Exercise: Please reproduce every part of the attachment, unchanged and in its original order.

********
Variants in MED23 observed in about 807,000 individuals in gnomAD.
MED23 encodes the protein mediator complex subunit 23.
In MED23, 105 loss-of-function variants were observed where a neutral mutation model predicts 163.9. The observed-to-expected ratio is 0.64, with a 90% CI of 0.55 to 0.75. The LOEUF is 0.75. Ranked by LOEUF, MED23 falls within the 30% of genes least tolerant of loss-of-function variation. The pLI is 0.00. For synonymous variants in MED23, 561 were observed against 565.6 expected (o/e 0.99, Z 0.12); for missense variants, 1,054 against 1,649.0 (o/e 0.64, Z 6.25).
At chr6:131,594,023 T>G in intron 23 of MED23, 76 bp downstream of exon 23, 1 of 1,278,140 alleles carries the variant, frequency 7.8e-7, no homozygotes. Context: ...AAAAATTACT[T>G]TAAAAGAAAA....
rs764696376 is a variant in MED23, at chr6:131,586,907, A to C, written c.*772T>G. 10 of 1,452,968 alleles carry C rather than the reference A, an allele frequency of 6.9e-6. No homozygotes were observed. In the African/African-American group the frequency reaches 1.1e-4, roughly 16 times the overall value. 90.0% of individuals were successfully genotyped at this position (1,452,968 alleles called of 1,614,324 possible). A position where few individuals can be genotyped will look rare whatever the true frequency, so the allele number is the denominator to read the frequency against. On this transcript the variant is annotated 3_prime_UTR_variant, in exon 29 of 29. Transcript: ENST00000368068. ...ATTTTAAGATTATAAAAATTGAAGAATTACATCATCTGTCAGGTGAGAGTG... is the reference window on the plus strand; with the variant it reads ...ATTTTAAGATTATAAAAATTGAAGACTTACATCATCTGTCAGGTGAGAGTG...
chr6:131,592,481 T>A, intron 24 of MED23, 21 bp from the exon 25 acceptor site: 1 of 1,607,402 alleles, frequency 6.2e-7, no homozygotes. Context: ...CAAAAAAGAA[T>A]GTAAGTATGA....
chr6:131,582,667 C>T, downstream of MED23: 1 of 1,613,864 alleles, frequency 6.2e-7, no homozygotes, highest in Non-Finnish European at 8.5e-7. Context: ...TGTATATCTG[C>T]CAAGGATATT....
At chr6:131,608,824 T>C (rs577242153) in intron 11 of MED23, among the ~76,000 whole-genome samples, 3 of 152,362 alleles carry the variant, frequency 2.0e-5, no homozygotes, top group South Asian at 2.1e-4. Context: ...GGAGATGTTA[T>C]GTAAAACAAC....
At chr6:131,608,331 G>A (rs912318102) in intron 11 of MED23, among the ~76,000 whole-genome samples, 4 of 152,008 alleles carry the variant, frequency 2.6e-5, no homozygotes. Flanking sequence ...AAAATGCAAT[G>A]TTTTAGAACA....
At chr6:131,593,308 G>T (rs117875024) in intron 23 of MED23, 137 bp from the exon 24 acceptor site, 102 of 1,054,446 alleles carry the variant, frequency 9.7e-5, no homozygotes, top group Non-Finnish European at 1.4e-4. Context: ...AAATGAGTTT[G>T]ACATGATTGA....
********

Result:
Variants in MED23 observed in about 807,000 individuals in gnomAD.
MED23 encodes the protein mediator complex subunit 23.
In MED23, 105 loss-of-function variants were observed where a neutral mutation model predicts 163.9. The observed-to-expected ratio is 0.64, with a 90% CI of 0.55 to 0.75. The LOEUF is 0.75. Ranked by LOEUF, MED23 falls within the 30% of genes least tolerant of loss-of-function variation. The pLI is 0.00. For synonymous variants in MED23, 561 were observed against 565.6 expected (o/e 0.99, Z 0.12); for missense variants, 1,054 against 1,649.0 (o/e 0.64, Z 6.25).
At chr6:131,594,023 T>G in intron 23 of MED23, 76 bp downstream of exon 23, 1 of 1,278,140 alleles carries the variant, frequency 7.8e-7, no homozygotes. Context: ...AAAAATTACT[T>G]TAAAAGAAAA....
rs764696376 is a variant in MED23, at chr6:131,586,907, A to C, written c.*772T>G. 10 of 1,452,968 alleles carry C rather than the reference A, an allele frequency of 6.9e-6. No homozygotes were observed. In the African/African-American group the frequency reaches 1.1e-4, roughly 16 times the overall value. 90.0% of individuals were successfully genotyped at this position (1,452,968 alleles called of 1,614,324 possible). A position where few individuals can be genotyped will look rare whatever the true frequency, so the allele number is the denominator to read the frequency against. On this transcript the variant is annotated 3_prime_UTR_variant, in exon 29 of 29. Transcript: ENST00000368068. ...ATTTTAAGATTATAAAAATTGAAGAATTACATCATCTGTCAGGTGAGAGTG... is the reference window on the plus strand; with the variant it reads ...ATTTTAAGATTATAAAAATTGAAGACTTACATCATCTGTCAGGTGAGAGTG...
chr6:131,592,481 T>A, intron 24 of MED23, 21 bp from the exon 25 acceptor site: 1 of 1,607,402 alleles, frequency 6.2e-7, no homozygotes. Context: ...CAAAAAAGAA[T>A]GTAAGTATGA....
chr6:131,582,667 C>T, downstream of MED23: 1 of 1,613,864 alleles, frequency 6.2e-7, no homozygotes, highest in Non-Finnish European at 8.5e-7. Context: ...TGTATATCTG[C>T]CAAGGATATT....
At chr6:131,608,824 T>C (rs577242153) in intron 11 of MED23, among the ~76,000 whole-genome samples, 3 of 152,362 alleles carry the variant, frequency 2.0e-5, no homozygotes, top group South Asian at 2.1e-4. Context: ...GGAGATGTTA[T>C]GTAAAACAAC....
At chr6:131,608,331 G>A (rs912318102) in intron 11 of MED23, among the ~76,000 whole-genome samples, 4 of 152,008 alleles carry the variant, frequency 2.6e-5, no homozygotes. Flanking sequence ...AAAATGCAAT[G>A]TTTTAGAACA....
At chr6:131,593,308 G>T (rs117875024) in intron 23 of MED23, 137 bp from the exon 24 acceptor site, 102 of 1,054,446 alleles carry the variant, frequency 9.7e-5, no homozygotes, top group Non-Finnish European at 1.4e-4. Context: ...AAATGAGTTT[G>T]ACATGATTGA....